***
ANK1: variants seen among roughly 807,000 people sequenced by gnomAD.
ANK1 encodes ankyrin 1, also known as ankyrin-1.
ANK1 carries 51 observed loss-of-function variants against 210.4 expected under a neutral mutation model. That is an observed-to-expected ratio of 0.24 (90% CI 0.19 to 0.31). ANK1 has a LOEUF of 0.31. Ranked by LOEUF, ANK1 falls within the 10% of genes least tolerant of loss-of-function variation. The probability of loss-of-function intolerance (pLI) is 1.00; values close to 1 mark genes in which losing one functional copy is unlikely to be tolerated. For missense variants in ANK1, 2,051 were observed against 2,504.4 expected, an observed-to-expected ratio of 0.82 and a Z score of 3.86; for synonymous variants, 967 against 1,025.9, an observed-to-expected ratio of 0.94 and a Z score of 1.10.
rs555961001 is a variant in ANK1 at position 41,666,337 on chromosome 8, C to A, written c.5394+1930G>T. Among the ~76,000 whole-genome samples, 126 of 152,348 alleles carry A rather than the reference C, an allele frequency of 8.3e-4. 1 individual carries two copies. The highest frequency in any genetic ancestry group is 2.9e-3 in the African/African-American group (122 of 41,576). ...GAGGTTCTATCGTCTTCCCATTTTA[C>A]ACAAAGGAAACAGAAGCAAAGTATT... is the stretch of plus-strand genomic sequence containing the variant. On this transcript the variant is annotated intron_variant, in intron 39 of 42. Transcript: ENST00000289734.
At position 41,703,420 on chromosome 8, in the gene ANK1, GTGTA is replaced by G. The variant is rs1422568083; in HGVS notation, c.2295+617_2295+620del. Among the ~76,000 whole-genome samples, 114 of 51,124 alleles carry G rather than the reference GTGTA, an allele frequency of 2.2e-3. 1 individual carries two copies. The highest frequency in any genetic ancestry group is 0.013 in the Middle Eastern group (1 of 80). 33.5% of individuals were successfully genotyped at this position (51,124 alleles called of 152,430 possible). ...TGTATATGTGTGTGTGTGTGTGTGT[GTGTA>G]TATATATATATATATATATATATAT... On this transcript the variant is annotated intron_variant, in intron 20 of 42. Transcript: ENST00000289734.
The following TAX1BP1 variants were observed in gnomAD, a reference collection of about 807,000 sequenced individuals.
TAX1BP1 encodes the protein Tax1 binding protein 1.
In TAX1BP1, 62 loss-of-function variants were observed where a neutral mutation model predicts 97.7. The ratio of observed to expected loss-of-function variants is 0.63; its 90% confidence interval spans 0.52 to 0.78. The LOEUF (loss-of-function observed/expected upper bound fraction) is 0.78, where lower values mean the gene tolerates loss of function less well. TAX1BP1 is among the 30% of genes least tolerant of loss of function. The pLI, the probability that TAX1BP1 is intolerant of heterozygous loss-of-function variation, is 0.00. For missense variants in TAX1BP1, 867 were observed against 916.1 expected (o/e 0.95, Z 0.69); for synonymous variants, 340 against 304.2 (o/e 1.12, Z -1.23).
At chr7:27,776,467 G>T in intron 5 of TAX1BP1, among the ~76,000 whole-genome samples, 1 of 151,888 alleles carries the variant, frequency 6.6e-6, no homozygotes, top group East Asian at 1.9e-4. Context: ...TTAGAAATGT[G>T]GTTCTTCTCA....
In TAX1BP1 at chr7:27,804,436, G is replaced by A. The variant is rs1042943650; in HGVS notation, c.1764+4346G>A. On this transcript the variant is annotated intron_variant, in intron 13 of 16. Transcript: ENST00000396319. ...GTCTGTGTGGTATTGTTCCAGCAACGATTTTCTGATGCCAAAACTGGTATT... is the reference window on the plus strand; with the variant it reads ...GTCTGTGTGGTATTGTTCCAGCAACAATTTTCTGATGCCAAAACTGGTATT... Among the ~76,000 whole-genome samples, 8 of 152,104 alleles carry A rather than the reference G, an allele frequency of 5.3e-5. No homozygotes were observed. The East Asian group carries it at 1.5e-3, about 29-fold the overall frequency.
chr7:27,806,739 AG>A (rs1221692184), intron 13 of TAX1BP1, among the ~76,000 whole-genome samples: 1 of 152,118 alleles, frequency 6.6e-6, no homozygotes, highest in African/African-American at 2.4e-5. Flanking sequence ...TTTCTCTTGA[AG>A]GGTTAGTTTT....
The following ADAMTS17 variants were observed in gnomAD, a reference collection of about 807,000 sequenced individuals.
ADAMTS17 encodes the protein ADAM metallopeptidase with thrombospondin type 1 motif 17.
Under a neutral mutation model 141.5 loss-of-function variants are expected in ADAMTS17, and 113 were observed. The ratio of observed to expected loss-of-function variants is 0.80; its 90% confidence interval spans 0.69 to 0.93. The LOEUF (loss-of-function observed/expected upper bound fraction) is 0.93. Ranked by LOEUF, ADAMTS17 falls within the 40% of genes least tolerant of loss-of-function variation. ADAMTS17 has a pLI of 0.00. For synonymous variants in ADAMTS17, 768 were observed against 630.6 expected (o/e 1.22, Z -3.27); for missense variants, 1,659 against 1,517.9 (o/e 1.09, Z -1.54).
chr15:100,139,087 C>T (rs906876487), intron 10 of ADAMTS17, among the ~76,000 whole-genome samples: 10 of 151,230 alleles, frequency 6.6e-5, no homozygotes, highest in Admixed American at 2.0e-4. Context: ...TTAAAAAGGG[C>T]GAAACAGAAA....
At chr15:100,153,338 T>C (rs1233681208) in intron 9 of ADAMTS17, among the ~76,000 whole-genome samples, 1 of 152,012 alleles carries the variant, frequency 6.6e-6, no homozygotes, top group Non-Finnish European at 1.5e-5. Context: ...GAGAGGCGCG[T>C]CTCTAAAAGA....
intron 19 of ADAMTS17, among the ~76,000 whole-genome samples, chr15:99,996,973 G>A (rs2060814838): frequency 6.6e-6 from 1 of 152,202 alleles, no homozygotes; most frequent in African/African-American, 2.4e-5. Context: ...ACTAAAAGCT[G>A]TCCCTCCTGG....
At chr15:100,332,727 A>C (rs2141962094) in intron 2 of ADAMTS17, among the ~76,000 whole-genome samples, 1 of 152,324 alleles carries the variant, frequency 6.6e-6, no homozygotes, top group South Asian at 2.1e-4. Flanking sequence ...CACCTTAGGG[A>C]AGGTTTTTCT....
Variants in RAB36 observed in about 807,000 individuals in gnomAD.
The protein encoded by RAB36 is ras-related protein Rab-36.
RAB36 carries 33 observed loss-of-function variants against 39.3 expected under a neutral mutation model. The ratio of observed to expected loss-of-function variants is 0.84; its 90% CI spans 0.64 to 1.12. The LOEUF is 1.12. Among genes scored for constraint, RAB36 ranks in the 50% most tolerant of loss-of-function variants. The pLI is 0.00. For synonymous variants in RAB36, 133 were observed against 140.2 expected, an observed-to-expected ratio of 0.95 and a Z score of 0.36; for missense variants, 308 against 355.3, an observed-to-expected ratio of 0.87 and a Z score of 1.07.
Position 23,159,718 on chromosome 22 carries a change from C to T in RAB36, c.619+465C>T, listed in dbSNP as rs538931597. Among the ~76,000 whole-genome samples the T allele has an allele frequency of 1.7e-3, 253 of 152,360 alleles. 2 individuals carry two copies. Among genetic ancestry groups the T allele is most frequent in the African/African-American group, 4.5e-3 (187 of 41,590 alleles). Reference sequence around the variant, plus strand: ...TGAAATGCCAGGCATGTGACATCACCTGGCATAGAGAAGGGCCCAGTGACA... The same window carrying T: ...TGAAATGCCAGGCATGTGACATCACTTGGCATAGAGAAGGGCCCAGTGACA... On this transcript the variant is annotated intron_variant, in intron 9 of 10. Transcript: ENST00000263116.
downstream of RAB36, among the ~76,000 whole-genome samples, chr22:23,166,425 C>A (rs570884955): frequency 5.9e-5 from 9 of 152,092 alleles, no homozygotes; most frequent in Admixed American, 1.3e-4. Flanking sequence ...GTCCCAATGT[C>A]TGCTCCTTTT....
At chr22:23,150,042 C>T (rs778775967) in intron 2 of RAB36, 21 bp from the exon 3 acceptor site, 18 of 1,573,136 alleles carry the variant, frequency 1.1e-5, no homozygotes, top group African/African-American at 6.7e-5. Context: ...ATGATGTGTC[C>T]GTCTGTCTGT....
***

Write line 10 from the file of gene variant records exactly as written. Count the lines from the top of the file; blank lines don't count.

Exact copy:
In TAX1BP1 at chr7:27,804,436, G is replaced by A. The variant is rs1042943650; in HGVS notation, c.1764+4346G>A. On this transcript the variant is annotated intron_variant, in intron 13 of 16. Transcript: ENST00000396319. ...GTCTGTGTGGTATTGTTCCAGCAACGATTTTCTGATGCCAAAACTGGTATT... is the reference window on the plus strand; with the variant it reads ...GTCTGTGTGGTATTGTTCCAGCAACAATTTTCTGATGCCAAAACTGGTATT... Among the ~76,000 whole-genome samples, 8 of 152,104 alleles carry A rather than the reference G, an allele frequency of 5.3e-5. No homozygotes were observed. The East Asian group carries it at 1.5e-3, about 29-fold the overall frequency.